International Finance Facility for Immunisation Ratings Affirmed At 'AA/A-1+'; Outlook Remains Negative

  • The International Finance Facility for Immunisation's (IFFIm's) purpose is to provide funding to the Vaccine Alliance (Gavi) for immunization and programs related to Gavi's mission.
  • The ratings balance our view of IFFIm's policy importance and the creditworthiness of its main donor countries.
  • We are affirming our 'AA/A-1+' ratings on IFFIm.
  • The outlook on IFFIm remains negative, reflecting the negative outlook on the long-term rating on the U.K., IFFIm's largest donor and therefore its largest source of contribution receivables (or pledges).
NEW YORK (S&P Global Ratings) Dec. 7, 2018--S&P Global Ratings today said it 
affirmed its 'AA/A-1+' long- and short-term issuer credit ratings on the 
U.K.-based multilateral agency International Finance Facility for Immunisation 
(IFFIm). The outlook remains negative.

The ratings on IFFIm reflect our view of the commitment of its highly rated 
contributors to its mandate of supporting child immunization programs in the 
world's poorest countries and takes into account the risks stemming from the 
creditworthiness of its main donor countries.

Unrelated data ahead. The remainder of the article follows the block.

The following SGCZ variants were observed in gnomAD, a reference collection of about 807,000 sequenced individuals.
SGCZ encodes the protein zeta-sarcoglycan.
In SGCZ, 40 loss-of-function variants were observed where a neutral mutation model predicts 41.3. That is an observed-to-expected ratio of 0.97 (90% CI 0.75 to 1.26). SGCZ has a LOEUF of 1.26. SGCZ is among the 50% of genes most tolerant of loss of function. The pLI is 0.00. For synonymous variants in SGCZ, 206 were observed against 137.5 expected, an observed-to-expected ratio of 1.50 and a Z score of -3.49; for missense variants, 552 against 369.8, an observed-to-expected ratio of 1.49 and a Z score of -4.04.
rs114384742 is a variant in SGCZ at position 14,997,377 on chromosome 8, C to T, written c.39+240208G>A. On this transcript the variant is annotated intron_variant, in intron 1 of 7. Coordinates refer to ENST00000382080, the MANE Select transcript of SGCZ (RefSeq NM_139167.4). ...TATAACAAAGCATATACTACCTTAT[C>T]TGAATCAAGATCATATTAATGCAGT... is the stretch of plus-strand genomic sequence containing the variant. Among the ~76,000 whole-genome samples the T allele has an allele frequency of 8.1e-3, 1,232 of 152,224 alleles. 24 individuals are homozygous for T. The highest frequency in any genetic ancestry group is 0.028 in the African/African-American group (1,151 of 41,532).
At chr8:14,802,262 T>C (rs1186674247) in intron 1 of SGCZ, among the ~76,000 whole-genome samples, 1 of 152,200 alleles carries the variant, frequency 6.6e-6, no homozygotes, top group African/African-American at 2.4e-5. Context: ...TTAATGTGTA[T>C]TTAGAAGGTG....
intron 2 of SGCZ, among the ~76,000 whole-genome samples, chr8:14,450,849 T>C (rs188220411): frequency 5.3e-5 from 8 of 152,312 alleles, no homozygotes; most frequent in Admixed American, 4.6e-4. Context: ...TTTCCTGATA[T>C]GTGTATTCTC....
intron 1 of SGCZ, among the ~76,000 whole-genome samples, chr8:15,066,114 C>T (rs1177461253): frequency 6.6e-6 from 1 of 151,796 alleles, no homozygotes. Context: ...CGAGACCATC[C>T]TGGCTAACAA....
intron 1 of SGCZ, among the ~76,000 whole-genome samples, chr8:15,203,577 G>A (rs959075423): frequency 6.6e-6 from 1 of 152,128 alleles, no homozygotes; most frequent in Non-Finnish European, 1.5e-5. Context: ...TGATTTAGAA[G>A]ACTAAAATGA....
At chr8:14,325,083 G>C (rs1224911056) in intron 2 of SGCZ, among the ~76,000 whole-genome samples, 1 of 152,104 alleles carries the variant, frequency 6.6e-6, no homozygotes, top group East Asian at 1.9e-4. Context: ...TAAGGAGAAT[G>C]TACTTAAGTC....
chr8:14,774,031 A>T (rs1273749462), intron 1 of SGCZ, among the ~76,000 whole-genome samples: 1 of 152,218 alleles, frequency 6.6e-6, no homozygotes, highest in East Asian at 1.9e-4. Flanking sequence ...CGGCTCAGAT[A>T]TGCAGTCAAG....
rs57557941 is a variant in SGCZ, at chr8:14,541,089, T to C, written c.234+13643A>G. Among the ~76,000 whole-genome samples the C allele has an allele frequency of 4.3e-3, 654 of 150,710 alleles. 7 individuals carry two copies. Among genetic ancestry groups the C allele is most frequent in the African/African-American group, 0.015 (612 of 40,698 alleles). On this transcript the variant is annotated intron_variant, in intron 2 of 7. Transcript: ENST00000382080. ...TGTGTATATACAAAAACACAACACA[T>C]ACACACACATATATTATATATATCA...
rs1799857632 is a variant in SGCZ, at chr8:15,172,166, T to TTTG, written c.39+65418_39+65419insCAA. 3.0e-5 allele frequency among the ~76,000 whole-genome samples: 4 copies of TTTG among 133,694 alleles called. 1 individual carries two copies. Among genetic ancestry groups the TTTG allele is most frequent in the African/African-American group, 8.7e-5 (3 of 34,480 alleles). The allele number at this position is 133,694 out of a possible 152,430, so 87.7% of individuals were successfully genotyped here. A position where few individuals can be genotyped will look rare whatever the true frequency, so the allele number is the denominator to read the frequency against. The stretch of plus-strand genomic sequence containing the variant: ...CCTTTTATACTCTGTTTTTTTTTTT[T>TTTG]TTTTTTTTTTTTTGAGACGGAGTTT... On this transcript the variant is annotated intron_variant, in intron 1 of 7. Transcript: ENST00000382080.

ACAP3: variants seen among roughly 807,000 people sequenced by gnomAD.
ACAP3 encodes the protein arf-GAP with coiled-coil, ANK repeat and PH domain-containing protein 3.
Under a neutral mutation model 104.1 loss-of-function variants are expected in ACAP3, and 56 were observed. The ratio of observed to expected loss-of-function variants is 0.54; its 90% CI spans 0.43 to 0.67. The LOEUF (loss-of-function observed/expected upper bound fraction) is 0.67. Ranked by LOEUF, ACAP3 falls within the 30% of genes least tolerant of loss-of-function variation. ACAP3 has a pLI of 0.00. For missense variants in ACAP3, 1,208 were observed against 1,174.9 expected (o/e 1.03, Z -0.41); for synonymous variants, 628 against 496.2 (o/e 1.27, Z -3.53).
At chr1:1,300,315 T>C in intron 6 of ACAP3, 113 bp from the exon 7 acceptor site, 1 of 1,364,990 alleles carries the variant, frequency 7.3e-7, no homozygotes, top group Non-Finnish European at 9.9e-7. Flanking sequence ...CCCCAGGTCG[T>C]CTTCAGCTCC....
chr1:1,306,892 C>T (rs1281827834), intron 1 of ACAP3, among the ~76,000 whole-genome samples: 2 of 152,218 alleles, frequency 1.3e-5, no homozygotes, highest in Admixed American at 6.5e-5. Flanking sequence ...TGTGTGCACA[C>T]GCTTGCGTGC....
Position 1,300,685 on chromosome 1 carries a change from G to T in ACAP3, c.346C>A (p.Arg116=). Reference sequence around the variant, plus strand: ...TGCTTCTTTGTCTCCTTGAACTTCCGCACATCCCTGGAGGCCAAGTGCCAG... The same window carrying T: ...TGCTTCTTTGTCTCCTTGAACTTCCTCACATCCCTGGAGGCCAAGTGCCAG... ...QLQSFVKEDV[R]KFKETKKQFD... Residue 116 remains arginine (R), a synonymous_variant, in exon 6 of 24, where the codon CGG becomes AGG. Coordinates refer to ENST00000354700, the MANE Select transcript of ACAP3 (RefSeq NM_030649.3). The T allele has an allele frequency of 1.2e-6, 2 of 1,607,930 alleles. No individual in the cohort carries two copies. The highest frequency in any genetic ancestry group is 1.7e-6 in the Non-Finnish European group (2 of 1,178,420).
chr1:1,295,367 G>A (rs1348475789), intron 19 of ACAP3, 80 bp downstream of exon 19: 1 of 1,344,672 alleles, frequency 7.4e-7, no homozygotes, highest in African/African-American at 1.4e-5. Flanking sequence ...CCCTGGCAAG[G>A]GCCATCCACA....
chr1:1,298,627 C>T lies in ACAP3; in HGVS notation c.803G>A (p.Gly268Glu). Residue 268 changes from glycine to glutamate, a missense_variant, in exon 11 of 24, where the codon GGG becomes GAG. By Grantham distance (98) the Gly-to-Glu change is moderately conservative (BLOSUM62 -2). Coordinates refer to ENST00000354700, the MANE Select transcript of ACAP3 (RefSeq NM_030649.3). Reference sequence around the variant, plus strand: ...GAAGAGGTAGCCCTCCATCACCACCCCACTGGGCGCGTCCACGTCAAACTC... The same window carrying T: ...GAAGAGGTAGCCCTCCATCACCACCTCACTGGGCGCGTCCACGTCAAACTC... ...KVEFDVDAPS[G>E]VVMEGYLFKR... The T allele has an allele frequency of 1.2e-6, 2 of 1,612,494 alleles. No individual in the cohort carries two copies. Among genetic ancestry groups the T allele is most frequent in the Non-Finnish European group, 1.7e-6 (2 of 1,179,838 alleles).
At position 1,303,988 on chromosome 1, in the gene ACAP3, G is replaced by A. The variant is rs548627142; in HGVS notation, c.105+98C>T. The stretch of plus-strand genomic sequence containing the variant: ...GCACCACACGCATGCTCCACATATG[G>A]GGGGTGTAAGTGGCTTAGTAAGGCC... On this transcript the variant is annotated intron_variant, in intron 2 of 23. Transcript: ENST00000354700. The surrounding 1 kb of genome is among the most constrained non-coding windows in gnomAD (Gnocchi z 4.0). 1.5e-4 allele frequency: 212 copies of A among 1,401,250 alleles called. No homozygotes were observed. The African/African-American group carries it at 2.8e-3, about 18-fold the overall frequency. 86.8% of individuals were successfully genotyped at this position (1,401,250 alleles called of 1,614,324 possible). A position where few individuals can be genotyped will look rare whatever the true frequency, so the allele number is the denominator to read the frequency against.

Founded in 2006 with US$4 billion pledged over 20 years by six sovereign 
donors, IFFIm, an innovative financial tool, has issued a variety of debt 
instruments against future donor pledges to provide annual grants over two 
decades to the Vaccine Alliance (Gavi)--a public-private partnership whose 
partners include the World Health Organization, the U.N. Children's Fund, 
International Bank for Reconstruction and Development (IBRD, commonly referred 
to as the World Bank), the Bill and Melinda Gates Foundation, governments of 
both developing and industrialized countries, research and health institutes, 
vaccine producers, and civil society organizations.

Since inception, donors' pledges have increased to US$6.6 billion, of which 
US$3.8 billion will be paid from 2018 to 2037. In October 2018, Brazil signed 
a grant agreement for $20 million paid over 20 years in support to IFFIm. This 
makes it the 10th government donor to IFFIm overall and the second donor of 
emerging market countries Brazil, Russia, India, China, and South Africa 
(known as "BRICS") after South Africa. France, The Netherlands, and Australia 
committed future pledges to IFFIm, in addition to their already existing 
long-term pledges, as part of Gavi's replenishment for 2016-2020.

As of November 2018, the U.K. is the largest donor to both IFFIm and Gavi. Its 
pledges represent 49% of donor receivables at IFFIm, and we expect it will 
fund 27% of activities under Gavi's 2016-2020 funding cycle. Consequently, we 
consider that the credit quality of pledges from the U.K. is in line with 
IFFIm's credit quality. If we were to downgrade the U.K., we would downgrade 

Donors' pledges can be reduced, based on how many Gavi-eligible recipient 
countries have protracted arrears to the International Monetary Fund (IMF). As